by Lisa M. Starr, Community Ambassador, GramercyOne
While the U.S. spa business has faced many challenges recently, it is still looked upon as the model to aspire to in other parts of the world, which I was reminded of on recent visits to spas and conferences in South Africa, Brazil and China. Seeing current practices in these countries reminded me of how hard we have worked in the last 15-20 years to create viable spa businesses.
All three countries have active spa markets, albeit in various stages of their growth cycle, and brought back memories of the good old days in the U.S. It’s not that these markets have not been affected by the economic crisis, but the number of spas per capita and expectations of the client base have not yet reached the levels we were seeing stateside.
South Africa has the most sophisticated spa market of the three; with a vibrant spa association with almost 300 members, and the country is well represented in both the day and hotel/resort spa categories, with the addition of the safari spa option. Many spas offer advanced skincare, global spa brands, wellness options, and massage and body services; very few are attached to salons. Day spas here are beginning to offer medical services such as IPL, Laser Hair Reduction, slimming body treatments and microdermabrasion, but very few are providing injectables or services performed by a medical professional. Having once been the province of the British Empire, South Africa has a well-defined legal and licensing system which is observed by the citizens.
The personal care market in Brazil is broken into several different areas; salons, skin care clinics (approx. 4000), and spas (approx. 1000), and the day/resort/destination categories are all represented. Beautifully appointed resort spas are mostly located in and about Rio de Janeiro and other cities near the ocean, while day spas are found in all major cities. Many of the spas have been opened by entrepreneurs from other industries, who may have little understanding about how to create a profitable spa venture, and they are beginning to realize there is more to the story than just building a good-looking facility. There are a few active spa franchising operators, who are taking great pains to create viable brands. A large university in Sao Paulo has just created a wonderful spa facility to train therapists, who receive a four year bachelor’s degree which includes study in areas such as nutrition and psychology, but there is no licensing regulation and few therapists throughout the country are actually licensed. Brazil has a developing medical tourism business, with 25 JCI accredited hospitals, and is especially known for plastic surgery, currently performing the second-largest number of procedures annually, after the United States.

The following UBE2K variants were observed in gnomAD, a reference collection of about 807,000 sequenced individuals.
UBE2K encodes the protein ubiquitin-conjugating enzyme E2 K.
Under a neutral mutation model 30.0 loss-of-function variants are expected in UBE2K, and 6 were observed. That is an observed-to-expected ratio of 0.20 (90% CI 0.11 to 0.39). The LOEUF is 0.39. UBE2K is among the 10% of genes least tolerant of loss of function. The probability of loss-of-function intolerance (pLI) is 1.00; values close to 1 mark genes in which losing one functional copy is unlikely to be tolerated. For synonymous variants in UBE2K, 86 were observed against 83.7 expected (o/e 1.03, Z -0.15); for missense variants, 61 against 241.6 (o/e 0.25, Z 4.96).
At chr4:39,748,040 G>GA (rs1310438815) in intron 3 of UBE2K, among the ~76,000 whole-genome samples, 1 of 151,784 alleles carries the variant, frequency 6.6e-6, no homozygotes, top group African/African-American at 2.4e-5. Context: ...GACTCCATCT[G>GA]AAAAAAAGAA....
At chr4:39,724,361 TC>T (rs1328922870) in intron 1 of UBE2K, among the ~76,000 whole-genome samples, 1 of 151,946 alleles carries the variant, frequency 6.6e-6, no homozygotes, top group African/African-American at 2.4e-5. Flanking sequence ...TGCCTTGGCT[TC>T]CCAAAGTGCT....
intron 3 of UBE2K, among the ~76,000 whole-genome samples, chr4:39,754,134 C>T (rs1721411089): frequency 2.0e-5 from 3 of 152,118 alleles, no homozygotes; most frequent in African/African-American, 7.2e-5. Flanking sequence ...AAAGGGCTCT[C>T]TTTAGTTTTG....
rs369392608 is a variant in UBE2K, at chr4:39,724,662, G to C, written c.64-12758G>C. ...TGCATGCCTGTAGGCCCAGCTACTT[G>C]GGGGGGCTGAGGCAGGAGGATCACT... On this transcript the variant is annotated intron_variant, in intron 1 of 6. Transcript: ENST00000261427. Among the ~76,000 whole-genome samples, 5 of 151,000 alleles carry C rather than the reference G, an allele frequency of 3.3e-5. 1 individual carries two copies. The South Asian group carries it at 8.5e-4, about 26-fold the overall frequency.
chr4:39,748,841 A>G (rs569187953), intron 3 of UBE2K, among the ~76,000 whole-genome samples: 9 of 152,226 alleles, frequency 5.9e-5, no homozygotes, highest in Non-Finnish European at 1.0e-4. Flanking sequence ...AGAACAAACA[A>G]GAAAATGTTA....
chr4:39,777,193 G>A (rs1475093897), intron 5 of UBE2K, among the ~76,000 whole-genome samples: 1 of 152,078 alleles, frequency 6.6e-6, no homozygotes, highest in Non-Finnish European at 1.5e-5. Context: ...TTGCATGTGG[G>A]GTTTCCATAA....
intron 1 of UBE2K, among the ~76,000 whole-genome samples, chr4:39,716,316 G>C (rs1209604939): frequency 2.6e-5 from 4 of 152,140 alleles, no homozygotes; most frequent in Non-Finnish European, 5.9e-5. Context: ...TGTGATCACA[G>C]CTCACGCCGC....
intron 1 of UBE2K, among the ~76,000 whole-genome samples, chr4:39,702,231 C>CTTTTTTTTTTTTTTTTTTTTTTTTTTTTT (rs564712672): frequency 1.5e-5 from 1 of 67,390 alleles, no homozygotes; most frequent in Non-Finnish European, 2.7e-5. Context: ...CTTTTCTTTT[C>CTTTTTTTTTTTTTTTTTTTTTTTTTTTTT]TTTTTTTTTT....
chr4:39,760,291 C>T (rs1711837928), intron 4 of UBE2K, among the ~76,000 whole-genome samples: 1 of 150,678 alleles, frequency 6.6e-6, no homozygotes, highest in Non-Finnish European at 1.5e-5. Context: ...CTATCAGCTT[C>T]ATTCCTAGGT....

The spa market in China is, like everything else in China, growing very quickly. Chinese spa operators are quick to recognize their shortcomings and are working hard to bring their spas up to international standards. The number of viable spa businesses is difficult to define; there are at least three national spa associations, one of which is endorsed by the government, but there are many small spas that do not belong to any of the associations. One of the panel presentations at the Spa China Summit discussed having the government mandate the definition of “spa” so as not to confuse consumers, something we still face here stateside. The large hotel and hospitality groups are opening mega-spas in the large cities, especially in the east such as Shanghai, Beijing and Guangzhou, but day spas are proliferating elsewhere. There is currently no recognized licensing for beauty therapy, and very few formal beauty schools. Few, if any, spas are performing aesthetic medical services, although some do offer TCM treatments. China is currently listed as performing the second-highest number of plastic surgery procedures in the world, although on a per capita basis it still ranks far below both the U.S. and Brazil.
It is worth noting that all three of these countries pay their therapy staff a monthly salary, which is standard in most of the world, with the exception of the U.S. In some cases the salary is augmented by a small commission on service sales; retail commission is often low or non-existent (making retail sales non-existent as well!). Monthly salary/draw is variable, but ranges from the equivalent of US$350 (China) to $750 (South Africa) and $1100 (Brazil).